From belowstairs came the hiss of frying. Selina washed in the chill water of the basin, took down her hair and coiled it again before the swimmy little mirror over the wash-stand. She adjusted the stitched white bands of the severe collar and patted the cuffs of the brown lady's-cloth. The tight basque was fastened with buttons from throat to waist. Her fine long head rose above this trying base with such grace and dignity as to render the stiff garment beautiful. The skirt billowed and puffed out behind, and was drawn in folds across the front. It was a day of appalling bunchiness and equally appalling tightness in dress; of panniers, galloons, plastrons, reveres, bustles, and all manner of lumpy bedevilment. That Selina could appear in this disfiguring garment a creature still graceful, slim, and pliant was a sheer triumph of spirit over matter.
She blew out the light now and descended the steep wooden stairway to the unlighted parlour. The door between parlour and kitchen was closed. Selina sniffed sensitively. There was pork for supper. She was to learn that there always was pork for supper. As the winter wore on she developed a horror of this porcine fare, remembering to have read somewhere that one's diet was in time reflected in one's face; that gross eating made one gross looking. She would examine her features fearfully in the swimmy mirror--the lovely little white nose--was it coarsening? The deep-set dark eyes--were they squinting? The firm sweet lips--were they broadening? But the reflection in the glass reassured her.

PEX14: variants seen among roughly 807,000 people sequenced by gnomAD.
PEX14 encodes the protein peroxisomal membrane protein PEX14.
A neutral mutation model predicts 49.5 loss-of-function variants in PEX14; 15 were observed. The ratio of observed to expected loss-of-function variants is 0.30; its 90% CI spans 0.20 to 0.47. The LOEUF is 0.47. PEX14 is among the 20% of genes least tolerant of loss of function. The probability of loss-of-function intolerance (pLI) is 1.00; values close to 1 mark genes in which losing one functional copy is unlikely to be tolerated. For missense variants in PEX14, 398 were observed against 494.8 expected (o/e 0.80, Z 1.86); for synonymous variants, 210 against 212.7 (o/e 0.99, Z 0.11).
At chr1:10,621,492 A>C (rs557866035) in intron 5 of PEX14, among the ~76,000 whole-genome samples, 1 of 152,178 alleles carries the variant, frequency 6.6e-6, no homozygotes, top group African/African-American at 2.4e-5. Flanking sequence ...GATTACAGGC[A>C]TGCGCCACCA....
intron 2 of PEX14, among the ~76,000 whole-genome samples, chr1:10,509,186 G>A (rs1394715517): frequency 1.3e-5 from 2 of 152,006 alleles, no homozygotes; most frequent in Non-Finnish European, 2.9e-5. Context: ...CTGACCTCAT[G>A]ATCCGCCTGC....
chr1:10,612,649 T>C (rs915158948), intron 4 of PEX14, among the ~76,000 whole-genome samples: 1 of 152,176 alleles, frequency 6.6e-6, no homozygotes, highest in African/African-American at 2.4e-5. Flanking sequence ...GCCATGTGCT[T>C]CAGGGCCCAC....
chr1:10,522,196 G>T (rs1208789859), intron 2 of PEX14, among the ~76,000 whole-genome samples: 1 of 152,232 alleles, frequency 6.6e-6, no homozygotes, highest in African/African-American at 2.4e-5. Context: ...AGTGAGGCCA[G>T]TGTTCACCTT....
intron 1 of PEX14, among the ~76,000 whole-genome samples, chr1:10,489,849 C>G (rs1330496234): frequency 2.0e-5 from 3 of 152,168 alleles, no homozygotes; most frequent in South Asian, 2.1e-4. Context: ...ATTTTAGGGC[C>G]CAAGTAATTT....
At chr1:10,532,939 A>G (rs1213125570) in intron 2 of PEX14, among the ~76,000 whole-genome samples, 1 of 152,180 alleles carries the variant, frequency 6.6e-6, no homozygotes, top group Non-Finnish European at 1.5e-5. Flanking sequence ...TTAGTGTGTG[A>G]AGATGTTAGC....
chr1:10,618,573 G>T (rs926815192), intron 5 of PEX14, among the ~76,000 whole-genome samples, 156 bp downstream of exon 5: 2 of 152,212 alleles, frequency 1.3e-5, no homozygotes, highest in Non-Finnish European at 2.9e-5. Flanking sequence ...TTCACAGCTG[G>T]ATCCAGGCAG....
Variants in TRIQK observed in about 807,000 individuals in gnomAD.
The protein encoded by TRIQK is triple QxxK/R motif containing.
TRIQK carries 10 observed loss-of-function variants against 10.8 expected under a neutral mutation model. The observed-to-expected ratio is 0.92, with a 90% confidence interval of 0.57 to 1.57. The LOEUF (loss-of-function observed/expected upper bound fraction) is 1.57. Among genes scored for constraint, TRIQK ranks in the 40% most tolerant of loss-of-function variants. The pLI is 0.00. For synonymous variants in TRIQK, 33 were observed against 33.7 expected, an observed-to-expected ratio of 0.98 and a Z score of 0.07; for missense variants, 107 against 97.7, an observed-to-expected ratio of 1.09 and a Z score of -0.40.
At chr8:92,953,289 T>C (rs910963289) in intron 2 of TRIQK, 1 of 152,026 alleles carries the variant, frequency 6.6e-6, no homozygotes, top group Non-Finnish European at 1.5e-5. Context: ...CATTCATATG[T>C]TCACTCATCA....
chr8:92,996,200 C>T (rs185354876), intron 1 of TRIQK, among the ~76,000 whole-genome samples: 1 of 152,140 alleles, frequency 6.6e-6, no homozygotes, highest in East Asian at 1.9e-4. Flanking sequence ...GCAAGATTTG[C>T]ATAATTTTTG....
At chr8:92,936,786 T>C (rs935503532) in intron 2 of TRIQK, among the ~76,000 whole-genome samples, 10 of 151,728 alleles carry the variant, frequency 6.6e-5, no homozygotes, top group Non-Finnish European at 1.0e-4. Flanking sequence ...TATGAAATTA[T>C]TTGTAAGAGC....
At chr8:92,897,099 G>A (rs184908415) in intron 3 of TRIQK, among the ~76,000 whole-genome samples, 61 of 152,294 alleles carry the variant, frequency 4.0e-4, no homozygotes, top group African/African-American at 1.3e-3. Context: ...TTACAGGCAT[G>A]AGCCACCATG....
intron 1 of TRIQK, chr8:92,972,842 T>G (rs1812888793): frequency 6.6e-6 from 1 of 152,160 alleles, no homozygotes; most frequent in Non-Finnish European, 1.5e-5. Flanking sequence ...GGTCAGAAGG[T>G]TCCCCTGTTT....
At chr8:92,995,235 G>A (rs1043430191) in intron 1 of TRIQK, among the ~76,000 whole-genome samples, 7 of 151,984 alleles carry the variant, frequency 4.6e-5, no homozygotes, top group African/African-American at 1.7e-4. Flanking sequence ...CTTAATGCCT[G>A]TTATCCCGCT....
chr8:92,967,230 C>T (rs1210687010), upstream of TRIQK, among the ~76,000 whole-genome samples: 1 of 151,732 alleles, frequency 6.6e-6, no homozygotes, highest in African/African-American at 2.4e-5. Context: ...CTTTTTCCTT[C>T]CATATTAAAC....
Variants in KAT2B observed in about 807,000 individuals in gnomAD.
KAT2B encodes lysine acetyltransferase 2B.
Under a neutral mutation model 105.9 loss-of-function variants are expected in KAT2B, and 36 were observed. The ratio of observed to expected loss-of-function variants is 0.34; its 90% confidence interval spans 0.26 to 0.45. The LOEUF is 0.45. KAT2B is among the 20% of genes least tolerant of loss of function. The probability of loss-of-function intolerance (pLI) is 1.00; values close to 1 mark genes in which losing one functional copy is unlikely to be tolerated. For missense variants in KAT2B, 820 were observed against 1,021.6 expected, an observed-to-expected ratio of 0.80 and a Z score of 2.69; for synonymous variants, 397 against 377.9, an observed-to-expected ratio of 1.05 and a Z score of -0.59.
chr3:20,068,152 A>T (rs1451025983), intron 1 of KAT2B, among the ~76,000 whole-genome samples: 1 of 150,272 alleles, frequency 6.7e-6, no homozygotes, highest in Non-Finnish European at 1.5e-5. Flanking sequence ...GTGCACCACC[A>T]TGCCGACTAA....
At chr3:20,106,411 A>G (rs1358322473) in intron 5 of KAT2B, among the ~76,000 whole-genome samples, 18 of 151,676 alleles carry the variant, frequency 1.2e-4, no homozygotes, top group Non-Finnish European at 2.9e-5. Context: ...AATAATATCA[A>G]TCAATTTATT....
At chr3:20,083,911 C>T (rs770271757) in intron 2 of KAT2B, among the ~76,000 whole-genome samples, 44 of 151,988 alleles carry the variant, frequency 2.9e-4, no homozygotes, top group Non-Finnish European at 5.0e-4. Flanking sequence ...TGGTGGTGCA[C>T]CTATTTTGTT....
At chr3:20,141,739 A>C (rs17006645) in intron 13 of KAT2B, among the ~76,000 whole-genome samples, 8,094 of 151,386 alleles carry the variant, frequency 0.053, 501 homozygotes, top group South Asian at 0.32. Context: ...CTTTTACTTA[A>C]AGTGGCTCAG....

She hesitated a moment there in the darkness. Then she opened the kitchen door. There swam out at her a haze of smoke, from which emerged round blue eyes, guttural talk, the smell of frying grease, of stable, of loam, and of woollen wash freshly brought in from the line. With an inrush of cold air that sent the blue haze into swirls the outer kitchen door opened. A boy, his arm piled high with stove-wood, entered; a dark, handsome sullen boy who stared at Selina over the armload of wood. Selina stared back at him. There sprang to life between the boy of twelve and the woman of nineteen an electric current of feeling.
"Roelf," thought Selina; and even took a step toward him, inexplicably drawn.
"Hurry then with that wood there!" fretted Maartje at the stove. The boy flung the armful into the box, brushed his sleeve and coat-front mechanically, still looking at Selina. A slave to the insatiable maw of the wood-box.
Klaas Pool, already at table, thumped with his knife. "Sit down! Sit down, teacher." Selina hesitated, looked at Maartje. Maartje was holding a frying pan aloft in one hand while with the other she thrust and poked a fresh stick of wood into the open-lidded stove. The two pigtails seated themselves at the table, set with its red-checked cloth and bone-handled cutlery. Jakob Hoogendunk, who had been splashing, snorting, and puffing porpoise-fashion in a corner over a hand-basin whose cubic contents were out of all proportion to the sounds extracted therefrom, now seated himself. Roelf flung his cap on a wall-hook and sat down. Only Selina and Maartje remained standing. "Sit down! Sit down!" Klaas Pool said again, jovially. "Well, how is cabbages?" He chuckled and winked. Jakob Hoogendunk snorted. A duet of titters from the pigtails. Maartje at the stove smiled; but a trifle grimly, one might have thought, watching her. Evidently Klaas had not hugged his joke in secret. Only the boy Roelf remained unsmiling. Even Selina, feeling the red mounting her cheeks, smiled a little, nervously, and sat down with some suddenness.